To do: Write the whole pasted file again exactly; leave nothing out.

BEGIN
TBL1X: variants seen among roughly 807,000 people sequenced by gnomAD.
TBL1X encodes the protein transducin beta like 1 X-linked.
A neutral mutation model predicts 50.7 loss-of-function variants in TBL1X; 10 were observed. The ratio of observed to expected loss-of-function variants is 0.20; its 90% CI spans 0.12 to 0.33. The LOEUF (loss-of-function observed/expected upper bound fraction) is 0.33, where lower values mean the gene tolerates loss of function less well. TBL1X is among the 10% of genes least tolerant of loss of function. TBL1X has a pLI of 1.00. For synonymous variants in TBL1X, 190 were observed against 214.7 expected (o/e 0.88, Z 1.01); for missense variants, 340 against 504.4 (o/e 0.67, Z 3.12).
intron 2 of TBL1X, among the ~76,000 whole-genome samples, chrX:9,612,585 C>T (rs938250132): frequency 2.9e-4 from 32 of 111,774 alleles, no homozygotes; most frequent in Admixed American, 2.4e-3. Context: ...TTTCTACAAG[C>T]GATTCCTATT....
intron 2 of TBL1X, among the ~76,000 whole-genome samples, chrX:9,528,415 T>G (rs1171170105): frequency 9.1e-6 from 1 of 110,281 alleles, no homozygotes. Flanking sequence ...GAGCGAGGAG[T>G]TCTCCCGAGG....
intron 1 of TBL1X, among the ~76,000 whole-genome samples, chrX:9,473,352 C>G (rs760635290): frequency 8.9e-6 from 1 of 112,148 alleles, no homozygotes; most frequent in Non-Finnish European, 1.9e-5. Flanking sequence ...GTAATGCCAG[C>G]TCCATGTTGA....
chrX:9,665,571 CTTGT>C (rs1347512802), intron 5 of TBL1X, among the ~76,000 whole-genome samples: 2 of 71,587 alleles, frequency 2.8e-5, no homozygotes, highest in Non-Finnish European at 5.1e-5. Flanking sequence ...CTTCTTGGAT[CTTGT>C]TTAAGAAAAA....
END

TBL1X: variants seen among roughly 807,000 people sequenced by gnomAD.
TBL1X encodes the protein transducin beta like 1 X-linked.
A neutral mutation model predicts 50.7 loss-of-function variants in TBL1X; 10 were observed. The ratio of observed to expected loss-of-function variants is 0.20; its 90% CI spans 0.12 to 0.33. The LOEUF (loss-of-function observed/expected upper bound fraction) is 0.33, where lower values mean the gene tolerates loss of function less well. TBL1X is among the 10% of genes least tolerant of loss of function. TBL1X has a pLI of 1.00. For synonymous variants in TBL1X, 190 were observed against 214.7 expected (o/e 0.88, Z 1.01); for missense variants, 340 against 504.4 (o/e 0.67, Z 3.12).
intron 2 of TBL1X, among the ~76,000 whole-genome samples, chrX:9,612,585 C>T (rs938250132): frequency 2.9e-4 from 32 of 111,774 alleles, no homozygotes; most frequent in Admixed American, 2.4e-3. Context: ...TTTCTACAAG[C>T]GATTCCTATT....
intron 2 of TBL1X, among the ~76,000 whole-genome samples, chrX:9,528,415 T>G (rs1171170105): frequency 9.1e-6 from 1 of 110,281 alleles, no homozygotes. Flanking sequence ...GAGCGAGGAG[T>G]TCTCCCGAGG....
intron 1 of TBL1X, among the ~76,000 whole-genome samples, chrX:9,473,352 C>G (rs760635290): frequency 8.9e-6 from 1 of 112,148 alleles, no homozygotes; most frequent in Non-Finnish European, 1.9e-5. Flanking sequence ...GTAATGCCAG[C>G]TCCATGTTGA....
chrX:9,665,571 CTTGT>C (rs1347512802), intron 5 of TBL1X, among the ~76,000 whole-genome samples: 2 of 71,587 alleles, frequency 2.8e-5, no homozygotes, highest in Non-Finnish European at 5.1e-5. Flanking sequence ...CTTCTTGGAT[CTTGT>C]TTAAGAAAAA....